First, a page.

Inner Product Examples, what is the points?

Example: For $-\pi<x<\pi$,

$$x =-2 \sum_{n=1}^{\infty} \frac{(-1)^n}{n} \sin(nx)$$

and

$$x^3 =-2 \sum_{n=1}^{\infty} \left( \frac{\pi^2}{n}-\frac{6}{n^3} \right)(-1)^n \sin(nx)$$

by using inner products of these two functions, the value of

$$\sum_{n=1}^{\infty} \frac{1}{n^4}$$

is equal to $\frac {\pi^4}{90}$ .

My question is what is the point in this example that the author gives the solution without any detail? any users can tips me how this value is reached?

• It was long an open problem what the value of $\sum_{n\geq 1}\frac{1}{n^2}$ was. It was Euler who found a remarkable reasoning to show that $\sum_{n\geq 1} \frac{1}{n^2}=\frac{\pi^2}{6}$. However, his reasoning used some facts that were not proved in his time. The exercise above asks you to do more or less the same, you have to find the value of $\sum_{n\geq 1}\frac{1}{n^4}$. You can do this by considering the inner product of those two functions and using Parseval's theorem. – Mathematician 42 Jul 26 '16 at 11:44
• Also see this math.stackexchange.com/questions/650966/… – Mathematician 42 Jul 26 '16 at 11:44
• @Mathematician42 I think it's $\pi^2/6$ – GeorgSaliba Jul 26 '16 at 11:46
• @GeorgSaliba: It is, thank you, corrected it. :) – Mathematician 42 Jul 26 '16 at 11:48
• @Mathematician42 also, I think the second series in the question is for $x^3$, not $x$... – GeorgSaliba Jul 26 '16 at 12:04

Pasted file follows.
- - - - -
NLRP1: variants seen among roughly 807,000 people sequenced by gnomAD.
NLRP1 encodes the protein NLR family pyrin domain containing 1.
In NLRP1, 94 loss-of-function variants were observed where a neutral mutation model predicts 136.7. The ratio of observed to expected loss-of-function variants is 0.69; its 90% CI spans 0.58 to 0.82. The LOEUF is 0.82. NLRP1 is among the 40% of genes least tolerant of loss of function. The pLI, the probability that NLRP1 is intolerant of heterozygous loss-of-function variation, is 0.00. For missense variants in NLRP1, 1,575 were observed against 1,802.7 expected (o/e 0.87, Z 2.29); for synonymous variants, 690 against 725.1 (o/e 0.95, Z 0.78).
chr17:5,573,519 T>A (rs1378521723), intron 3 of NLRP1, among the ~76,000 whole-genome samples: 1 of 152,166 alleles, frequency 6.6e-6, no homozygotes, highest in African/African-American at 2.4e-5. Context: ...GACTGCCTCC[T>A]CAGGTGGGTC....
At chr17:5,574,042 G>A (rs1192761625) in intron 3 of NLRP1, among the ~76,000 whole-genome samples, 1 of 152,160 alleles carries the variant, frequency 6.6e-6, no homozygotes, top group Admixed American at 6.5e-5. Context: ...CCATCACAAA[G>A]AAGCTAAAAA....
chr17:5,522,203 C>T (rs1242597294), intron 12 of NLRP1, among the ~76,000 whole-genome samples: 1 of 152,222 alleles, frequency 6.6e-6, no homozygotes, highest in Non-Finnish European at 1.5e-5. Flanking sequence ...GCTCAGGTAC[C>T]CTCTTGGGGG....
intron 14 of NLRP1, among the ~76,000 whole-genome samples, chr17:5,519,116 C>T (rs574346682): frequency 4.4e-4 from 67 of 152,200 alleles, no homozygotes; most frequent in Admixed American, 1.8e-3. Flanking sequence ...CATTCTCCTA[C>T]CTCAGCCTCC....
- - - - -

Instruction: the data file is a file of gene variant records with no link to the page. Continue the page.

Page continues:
HINT: $$\frac 1{\pi}\int_{-\pi}^\pi x^4dx=4\sum_{n=1}^\infty \frac{\pi^2}{n^2}-\frac 6{n^4}$$ FURTHER EXPLANATION:

You have two functions $f(x)=x$ and $g(x)=x^3$. The coefficients of the expansion of $f$ in the basis $\sin(nx)$ are of the form $$a_n=-2\times \frac{(-1)^n}{n}$$

and the coefficients for $g(x)$ are: $$b_n=-2\times\left(\frac{\pi^2}{n^2}-\frac 6{n^3}\right)\times (-1)^n$$

Then the inner product is given by: $$\frac 1\pi\int_{-\pi}^{\pi}f(x)g(x)=\sum_{n=1}^\infty a_n b_n$$

Replacing $f,g,a_n$ and $b_n$, using the fact that $\sum 1/n^2=\pi^2/6$ and manipulating, gives you the answer.

SOLUTION:

$$\frac 1{\pi}\int_{-\pi}^\pi x^4dx=4\sum_{n=1}^\infty \left(-2\times \frac{(-1)^n}{n}\right)\times(-2)\left(\left(\frac{\pi^2}{n^2}-\frac 6{n^3}\right)\times (-1)^n\right)$$ $$\frac 1{\pi}\int_{-\pi}^\pi x^4dx=4\sum_{n=1}^\infty \frac{\pi^2}{n^2}-\frac 6{n^4}$$ $$\frac{2\pi^5}{5\pi}=4\pi^2\times\frac{\pi^2}6-24\sum_{n=1}^\infty\frac 1{n^4}$$ $$24\sum_{n=1}^\infty\frac 1{n^4}=\pi^4\left( \frac 23 - \frac 25\right)$$ $$\sum_{n=1}^\infty\frac 1{n^4}=\frac{\pi^4}{90}$$

• @user355834 I have added more details. The link contains another method using only one function $x^2$. You're asking for the inner product of $x^3$ and $x$ not the inner product of $x^2$ and itself (which uses the Parseval identity). – GeorgSaliba Jul 26 '16 at 12:19
• Very creative answer, very nice, Please wait until again and again I read it... thanks so much – user355834 Jul 26 '16 at 12:20
• maybe has some unclear points for me. would you please say how I can continue from $\frac 1\pi\int_{-\pi}^{\pi}f(x)g(x)=\sum_{n=1}^\infty a_n b_n$? I couldn't reach to last answer :) – user355834 Jul 26 '16 at 12:40
• @user355834 I have added a full solution. Just hover your mouse over the yellow box. – GeorgSaliba Jul 26 '16 at 12:48